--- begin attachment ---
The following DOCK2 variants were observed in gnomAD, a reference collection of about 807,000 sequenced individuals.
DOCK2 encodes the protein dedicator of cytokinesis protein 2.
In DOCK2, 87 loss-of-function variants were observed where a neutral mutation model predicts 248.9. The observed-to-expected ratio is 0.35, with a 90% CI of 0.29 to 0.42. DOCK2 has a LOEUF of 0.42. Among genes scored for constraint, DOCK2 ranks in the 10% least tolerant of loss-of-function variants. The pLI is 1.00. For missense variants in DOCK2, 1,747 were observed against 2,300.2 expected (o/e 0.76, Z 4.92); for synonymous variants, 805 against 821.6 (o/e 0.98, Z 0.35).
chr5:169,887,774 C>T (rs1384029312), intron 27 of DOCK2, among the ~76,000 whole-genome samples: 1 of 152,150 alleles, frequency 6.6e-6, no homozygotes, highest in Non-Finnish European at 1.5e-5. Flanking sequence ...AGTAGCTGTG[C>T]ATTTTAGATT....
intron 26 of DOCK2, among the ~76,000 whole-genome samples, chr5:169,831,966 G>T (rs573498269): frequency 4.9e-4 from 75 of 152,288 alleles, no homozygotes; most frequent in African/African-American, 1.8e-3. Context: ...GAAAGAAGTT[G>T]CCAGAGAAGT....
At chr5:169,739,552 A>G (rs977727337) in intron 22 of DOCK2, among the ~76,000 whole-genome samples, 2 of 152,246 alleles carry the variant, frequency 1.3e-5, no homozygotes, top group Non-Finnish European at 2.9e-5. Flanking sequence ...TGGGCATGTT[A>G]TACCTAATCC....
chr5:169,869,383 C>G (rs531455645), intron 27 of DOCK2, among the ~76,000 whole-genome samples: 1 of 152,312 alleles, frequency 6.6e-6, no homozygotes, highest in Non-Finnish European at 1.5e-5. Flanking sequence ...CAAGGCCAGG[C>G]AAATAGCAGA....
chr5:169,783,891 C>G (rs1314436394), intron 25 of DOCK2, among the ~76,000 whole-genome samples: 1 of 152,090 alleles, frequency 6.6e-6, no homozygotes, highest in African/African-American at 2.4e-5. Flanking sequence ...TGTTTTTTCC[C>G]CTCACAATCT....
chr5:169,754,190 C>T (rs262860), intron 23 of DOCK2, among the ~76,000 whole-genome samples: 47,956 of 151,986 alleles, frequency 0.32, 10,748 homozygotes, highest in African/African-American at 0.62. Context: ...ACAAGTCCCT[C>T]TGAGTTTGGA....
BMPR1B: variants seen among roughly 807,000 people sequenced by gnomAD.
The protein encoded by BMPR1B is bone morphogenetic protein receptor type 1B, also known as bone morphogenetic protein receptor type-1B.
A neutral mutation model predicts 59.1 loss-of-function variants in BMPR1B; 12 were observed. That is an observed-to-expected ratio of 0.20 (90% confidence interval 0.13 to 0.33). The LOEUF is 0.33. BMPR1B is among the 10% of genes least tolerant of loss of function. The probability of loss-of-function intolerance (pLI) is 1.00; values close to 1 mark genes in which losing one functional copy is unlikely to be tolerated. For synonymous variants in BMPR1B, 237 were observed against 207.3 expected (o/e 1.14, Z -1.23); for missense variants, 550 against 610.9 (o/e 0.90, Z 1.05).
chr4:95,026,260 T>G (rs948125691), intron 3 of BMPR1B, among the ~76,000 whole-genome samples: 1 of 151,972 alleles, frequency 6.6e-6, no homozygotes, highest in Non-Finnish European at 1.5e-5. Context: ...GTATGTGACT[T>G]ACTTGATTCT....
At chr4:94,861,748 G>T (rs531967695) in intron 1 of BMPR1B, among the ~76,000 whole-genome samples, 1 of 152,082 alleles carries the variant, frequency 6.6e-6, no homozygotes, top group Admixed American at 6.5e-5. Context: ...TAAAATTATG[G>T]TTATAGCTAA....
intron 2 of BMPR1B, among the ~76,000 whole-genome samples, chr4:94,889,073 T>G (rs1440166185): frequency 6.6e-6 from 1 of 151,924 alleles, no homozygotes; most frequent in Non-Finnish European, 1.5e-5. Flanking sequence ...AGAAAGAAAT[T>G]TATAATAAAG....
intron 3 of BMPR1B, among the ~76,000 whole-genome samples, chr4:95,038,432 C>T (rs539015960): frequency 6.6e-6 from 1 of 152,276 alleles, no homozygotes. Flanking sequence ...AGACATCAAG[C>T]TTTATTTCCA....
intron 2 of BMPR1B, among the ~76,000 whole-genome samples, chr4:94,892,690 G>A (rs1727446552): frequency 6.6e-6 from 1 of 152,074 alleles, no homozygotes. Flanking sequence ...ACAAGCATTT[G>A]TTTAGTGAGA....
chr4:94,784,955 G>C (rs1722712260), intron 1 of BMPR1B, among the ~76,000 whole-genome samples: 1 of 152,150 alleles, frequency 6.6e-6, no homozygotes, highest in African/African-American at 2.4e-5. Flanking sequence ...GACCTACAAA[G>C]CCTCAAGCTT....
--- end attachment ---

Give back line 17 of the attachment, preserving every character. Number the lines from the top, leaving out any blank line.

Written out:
intron 2 of BMPR1B, among the ~76,000 whole-genome samples, chr4:94,892,690 G>A (rs1727446552): frequency 6.6e-6 from 1 of 152,074 alleles, no homozygotes. Flanking sequence ...ACAAGCATTT[G>A]TTTAGTGAGA....